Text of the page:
March 05, 2006

Good News from Mexico

BUSINESS WEEK has a fascinating article on the growth of Mexico's middle class that suggests several important consumer trends are taking hold in the country. While one wishes for a bit more specificity in the magazine's story, there's no missing the very positive economic trends it points out.

The most important of these is the stellar growth in what was a practically non-existent home-mortgage market. According to Business Week, mortgage rates are down to 9 pc per year, allowing great numbers of middle-class families to afford mortgages. Some 560,000 mortgage-backed homes were built last year; some 750,000 will be built this year.

When I was in Mexico last year, I found myself discussing this very subject with my parents. The question of how one bought property in San Miguel de Allende had come up, and I became aware that cash was the usual, if not the only, option for buying. Mortgages on Mexican property were not something one could generally get. So to hear that the mortgage market has been expanding at breakneck speed is really cheering: because, as Business Week points out, it means the country has become more stable.

It should also mean the country will become richer very soon. With a stable mortgage-financing mechanism in place, middle-class Mexicans will be able to fully take advantage of the capital in their homes. As economists such as Hernando de Soto have pointed out, freeing that capital is a key factor in wealth creation. Furthermore, one can imagine that competitive Mexican banks will soon offer other financial products, refinance mortgages, and so on, further helping to increase the wealth of middle-class Mexicans.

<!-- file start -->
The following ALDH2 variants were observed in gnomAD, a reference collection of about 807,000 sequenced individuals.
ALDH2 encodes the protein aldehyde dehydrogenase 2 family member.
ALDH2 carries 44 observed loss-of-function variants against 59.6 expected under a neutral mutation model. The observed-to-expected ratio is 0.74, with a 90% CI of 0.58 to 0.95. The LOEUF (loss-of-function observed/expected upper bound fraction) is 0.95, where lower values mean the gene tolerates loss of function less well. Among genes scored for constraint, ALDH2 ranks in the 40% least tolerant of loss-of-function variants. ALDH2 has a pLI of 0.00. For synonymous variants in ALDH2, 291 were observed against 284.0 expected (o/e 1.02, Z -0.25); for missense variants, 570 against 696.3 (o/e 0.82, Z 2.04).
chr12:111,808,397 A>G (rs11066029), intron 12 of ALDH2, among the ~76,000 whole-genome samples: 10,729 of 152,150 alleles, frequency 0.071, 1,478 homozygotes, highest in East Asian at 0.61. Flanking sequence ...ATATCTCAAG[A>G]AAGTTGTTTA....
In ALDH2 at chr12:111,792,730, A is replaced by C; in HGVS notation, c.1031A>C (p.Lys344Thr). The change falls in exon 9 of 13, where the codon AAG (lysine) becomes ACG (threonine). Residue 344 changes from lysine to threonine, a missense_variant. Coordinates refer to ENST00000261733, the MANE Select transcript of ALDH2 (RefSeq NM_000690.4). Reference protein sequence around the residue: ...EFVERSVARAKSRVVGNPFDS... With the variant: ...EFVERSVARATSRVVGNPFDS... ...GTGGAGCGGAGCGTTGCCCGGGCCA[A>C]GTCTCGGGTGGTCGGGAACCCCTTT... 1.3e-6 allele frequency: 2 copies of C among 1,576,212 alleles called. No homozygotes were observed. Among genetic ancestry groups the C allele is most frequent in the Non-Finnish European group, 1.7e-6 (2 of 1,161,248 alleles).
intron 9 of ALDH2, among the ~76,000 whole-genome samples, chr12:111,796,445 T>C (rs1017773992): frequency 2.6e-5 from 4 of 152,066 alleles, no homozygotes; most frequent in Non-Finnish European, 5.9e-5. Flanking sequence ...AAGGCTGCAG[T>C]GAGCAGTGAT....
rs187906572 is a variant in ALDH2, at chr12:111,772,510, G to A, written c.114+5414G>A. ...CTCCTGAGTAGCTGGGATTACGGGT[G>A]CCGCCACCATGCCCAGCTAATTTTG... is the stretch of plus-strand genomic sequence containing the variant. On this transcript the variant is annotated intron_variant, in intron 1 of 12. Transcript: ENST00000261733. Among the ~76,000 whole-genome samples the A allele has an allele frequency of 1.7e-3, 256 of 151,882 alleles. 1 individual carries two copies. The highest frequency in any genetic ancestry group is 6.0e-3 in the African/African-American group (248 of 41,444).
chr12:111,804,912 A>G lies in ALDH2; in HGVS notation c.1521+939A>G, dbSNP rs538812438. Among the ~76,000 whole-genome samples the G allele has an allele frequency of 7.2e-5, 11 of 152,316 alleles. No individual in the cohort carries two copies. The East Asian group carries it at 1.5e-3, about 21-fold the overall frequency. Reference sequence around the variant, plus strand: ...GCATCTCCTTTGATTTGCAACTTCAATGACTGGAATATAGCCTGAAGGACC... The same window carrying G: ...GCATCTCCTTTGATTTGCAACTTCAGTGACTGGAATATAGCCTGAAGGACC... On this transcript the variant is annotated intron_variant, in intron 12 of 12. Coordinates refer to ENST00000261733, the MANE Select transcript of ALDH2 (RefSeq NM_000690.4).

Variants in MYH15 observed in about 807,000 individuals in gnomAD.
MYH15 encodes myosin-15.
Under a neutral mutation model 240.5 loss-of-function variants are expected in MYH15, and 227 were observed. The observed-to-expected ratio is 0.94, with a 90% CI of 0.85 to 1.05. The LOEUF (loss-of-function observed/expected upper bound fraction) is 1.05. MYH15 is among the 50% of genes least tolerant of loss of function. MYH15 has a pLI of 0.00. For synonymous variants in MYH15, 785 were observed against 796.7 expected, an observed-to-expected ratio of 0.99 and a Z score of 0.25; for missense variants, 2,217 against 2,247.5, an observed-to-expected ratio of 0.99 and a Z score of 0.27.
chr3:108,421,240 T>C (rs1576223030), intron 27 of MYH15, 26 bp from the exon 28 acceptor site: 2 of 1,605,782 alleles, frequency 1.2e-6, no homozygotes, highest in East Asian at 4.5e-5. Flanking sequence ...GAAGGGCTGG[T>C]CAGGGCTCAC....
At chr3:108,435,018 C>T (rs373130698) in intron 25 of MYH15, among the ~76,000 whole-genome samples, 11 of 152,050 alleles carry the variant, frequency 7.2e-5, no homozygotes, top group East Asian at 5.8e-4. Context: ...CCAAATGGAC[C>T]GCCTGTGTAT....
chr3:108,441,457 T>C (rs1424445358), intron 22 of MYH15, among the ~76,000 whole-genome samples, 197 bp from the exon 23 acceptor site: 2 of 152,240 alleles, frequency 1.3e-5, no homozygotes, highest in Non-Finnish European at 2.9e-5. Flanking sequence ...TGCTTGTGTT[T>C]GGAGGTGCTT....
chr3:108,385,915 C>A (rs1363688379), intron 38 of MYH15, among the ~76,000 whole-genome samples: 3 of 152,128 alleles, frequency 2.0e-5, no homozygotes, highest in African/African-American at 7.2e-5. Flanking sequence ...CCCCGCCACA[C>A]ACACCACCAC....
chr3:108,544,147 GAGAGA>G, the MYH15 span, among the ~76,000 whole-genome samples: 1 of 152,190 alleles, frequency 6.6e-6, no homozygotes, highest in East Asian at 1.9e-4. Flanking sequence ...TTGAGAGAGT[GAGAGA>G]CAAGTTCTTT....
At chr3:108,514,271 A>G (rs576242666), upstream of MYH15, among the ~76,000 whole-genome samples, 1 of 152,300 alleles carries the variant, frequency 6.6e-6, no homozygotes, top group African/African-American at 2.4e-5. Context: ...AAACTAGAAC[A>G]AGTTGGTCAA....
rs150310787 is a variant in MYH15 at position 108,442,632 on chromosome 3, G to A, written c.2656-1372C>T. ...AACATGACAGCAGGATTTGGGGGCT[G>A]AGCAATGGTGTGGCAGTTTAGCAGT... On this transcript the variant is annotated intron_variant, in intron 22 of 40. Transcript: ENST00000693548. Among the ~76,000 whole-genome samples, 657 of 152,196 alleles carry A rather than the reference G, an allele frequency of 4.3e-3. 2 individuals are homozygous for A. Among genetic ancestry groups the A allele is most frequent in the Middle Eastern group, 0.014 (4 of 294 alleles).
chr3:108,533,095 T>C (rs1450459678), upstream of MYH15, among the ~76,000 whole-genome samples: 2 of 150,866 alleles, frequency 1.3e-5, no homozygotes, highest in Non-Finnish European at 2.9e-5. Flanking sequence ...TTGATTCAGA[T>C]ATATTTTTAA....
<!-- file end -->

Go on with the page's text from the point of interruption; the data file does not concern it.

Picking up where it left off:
I have to admit I'm surprised at Business Week's calculations that to be part of the Mexican middle class, a household would have income between US$7,200 to US$50,000. It's not the lower end I find surprising; that figure actually sounds about right. It's the higher end that made me raise an eyebrow. US$50,000 is equal to about 550,000 Mexican pesos, and that sum would go a really long way in most parts of the country. However, this may be a sign that the country has become more prosperous, quicker, than I had thought.

That said, I also wish Business Week would have said more about where in Mexico these trends are taking place. Since conditions are so different around the country, it would have been neat to know just where exactly these things are happening. Still, I have to give the magazine a lot of credit for producing a timely and interesting story.

Posted by Benjamin Kepple at March 5, 2006 10:15 PM | TrackBack
Comments

The Mexican middle class is definitely on the increase and nothing could be more important to the future of the country. Better capital markets and a stronger banking industry should be key pillars for continued growth. This July's Mexican presidential election will set the tone for what comes next for the next six years. Currently, a left leaning populist is leading the polls but the race may be tightening.

Posted by: Swammi in Guanajuato at March 6, 2006 02:17 PM